St Michael and All Angels

Observatory, Cape Town

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Nineteenth Sunday after Trinity, 2014

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 “Jesus, Wilfred and Poppies...”
I speak in the name of Jesus the Christ, in the power of the Holy Spirit, to the glory of God the Father. Amen.
Dulce Et Decorum Est
Bent double, like old beggars under sacks,
Knock-kneed, coughing like hags, we cursed through sludge,
Till on the haunting flares we turned our backs
And towards our distant rest began to trudge.
Men marched asleep. Many had lost their boots
But limped on, blood-shod. All went lame; all blind;
Drunk with fatigue; deaf even to the hoots
Of disappointed shells that dropped behind.
GAS! Gas! Quick, boys!-- An ecstasy of fumbling,
Fitting the clumsy helmets just in time;
But someone still was yelling out and stumbling
And floundering like a man in fire or lime.--
Dim, through the misty panes and thick green light
As under a green sea, I saw him drowning.
In all my dreams, before my helpless sight,
He plunges at me, guttering, choking, drowning.
If in some smothering dreams you too could pace
Behind the wagon that we flung him in,
And watch the white eyes writhing in his face,
His hanging face, like a devil's sick of sin;
If you could hear, at every jolt, the blood
Come gargling from the froth-corrupted lungs,
Obscene as cancer, bitter as the cud
Of vile, incurable sores on innocent tongues,--
My friend, you would not tell with such high zest
To children ardent for some desperate glory,
The old Lie: Dulce et decorum est
Pro patria mori.
Wilfred Owen
Thought to have been written between 8 October 1917  and March, 1918
Each year in November, the United Kingdom and many other countries around the world, remember the men and women who gave their lives in the two World Wars and subsequent conflicts. The 11th of November is known as Armistice Day, Remembrance Day or Poppy Day. This year takes on added significance as it is the centenary of the outbreak of the First World War.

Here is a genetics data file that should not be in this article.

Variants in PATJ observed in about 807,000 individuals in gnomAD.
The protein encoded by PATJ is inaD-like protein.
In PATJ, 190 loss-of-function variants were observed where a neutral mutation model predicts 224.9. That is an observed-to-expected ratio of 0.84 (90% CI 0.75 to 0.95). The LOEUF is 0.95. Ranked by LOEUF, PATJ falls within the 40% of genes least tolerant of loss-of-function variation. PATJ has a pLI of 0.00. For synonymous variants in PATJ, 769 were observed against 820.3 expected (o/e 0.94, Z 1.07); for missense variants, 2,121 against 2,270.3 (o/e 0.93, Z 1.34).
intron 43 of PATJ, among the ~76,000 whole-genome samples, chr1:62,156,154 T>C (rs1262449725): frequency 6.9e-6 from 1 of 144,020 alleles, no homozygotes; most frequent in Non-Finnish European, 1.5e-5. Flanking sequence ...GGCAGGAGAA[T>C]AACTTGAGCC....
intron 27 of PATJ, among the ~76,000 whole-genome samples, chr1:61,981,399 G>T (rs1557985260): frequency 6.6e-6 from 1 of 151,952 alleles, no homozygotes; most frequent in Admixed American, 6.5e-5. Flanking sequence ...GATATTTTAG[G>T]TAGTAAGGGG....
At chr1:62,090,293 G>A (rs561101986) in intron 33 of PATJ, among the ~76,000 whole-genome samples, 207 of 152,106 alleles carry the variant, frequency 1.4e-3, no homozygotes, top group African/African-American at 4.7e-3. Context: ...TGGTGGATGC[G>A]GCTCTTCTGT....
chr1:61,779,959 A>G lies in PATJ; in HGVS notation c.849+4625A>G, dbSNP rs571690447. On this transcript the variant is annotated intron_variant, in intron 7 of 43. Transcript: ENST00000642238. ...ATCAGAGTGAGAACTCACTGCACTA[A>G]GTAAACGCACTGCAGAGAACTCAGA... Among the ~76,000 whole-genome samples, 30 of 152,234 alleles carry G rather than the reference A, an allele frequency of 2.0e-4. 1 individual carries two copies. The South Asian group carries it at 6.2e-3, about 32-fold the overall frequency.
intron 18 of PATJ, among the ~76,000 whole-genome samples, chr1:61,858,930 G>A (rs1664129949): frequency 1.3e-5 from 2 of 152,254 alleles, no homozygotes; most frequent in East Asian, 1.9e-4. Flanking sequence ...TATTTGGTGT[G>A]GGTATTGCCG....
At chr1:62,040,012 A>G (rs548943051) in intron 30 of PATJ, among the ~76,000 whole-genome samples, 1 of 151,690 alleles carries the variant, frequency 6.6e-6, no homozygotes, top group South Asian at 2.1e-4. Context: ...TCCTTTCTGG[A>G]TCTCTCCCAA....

During the First World War, on the 11th hour of the 11th day of the 11th month in 1918, the guns of the Western Front fell silent after more than four years of continuous warfare. 
This is a special time that, as Christians we need to honour and respect, for many of our brothers and sisters perished in the Great War. Indeed, some of those very souls who we are remembering day once sat in the very pews that you yourself find yourself sitting in this morning. 
It is perhaps most poignant that in today’s Epistle reading from the Book of Ephesians, Paul reminds us  to be strong in the Lord, and in the power of his might. All Christians are called to put on spiritual armour against the enemies of our souls. This Christian armour is made to be worn, and there is no putting off our armour till we have done our warfare, and finished our course.
Unfortunately, sometimes we are called as Christians to put on our spiritual and physical armour for the warfare becomes both spiritual and physical...

Perhaps we need to be reminded of some the brutal statistics of World War One. 
The total number of casualties in WW 1, both military and civilian was about 37 million souls: made up of 16 million deaths and 21 million wounded. The total number of deaths includes about 9.7 million military personnel and about 6.8 million civilians.
These are people like you and I.
They died for our freedom.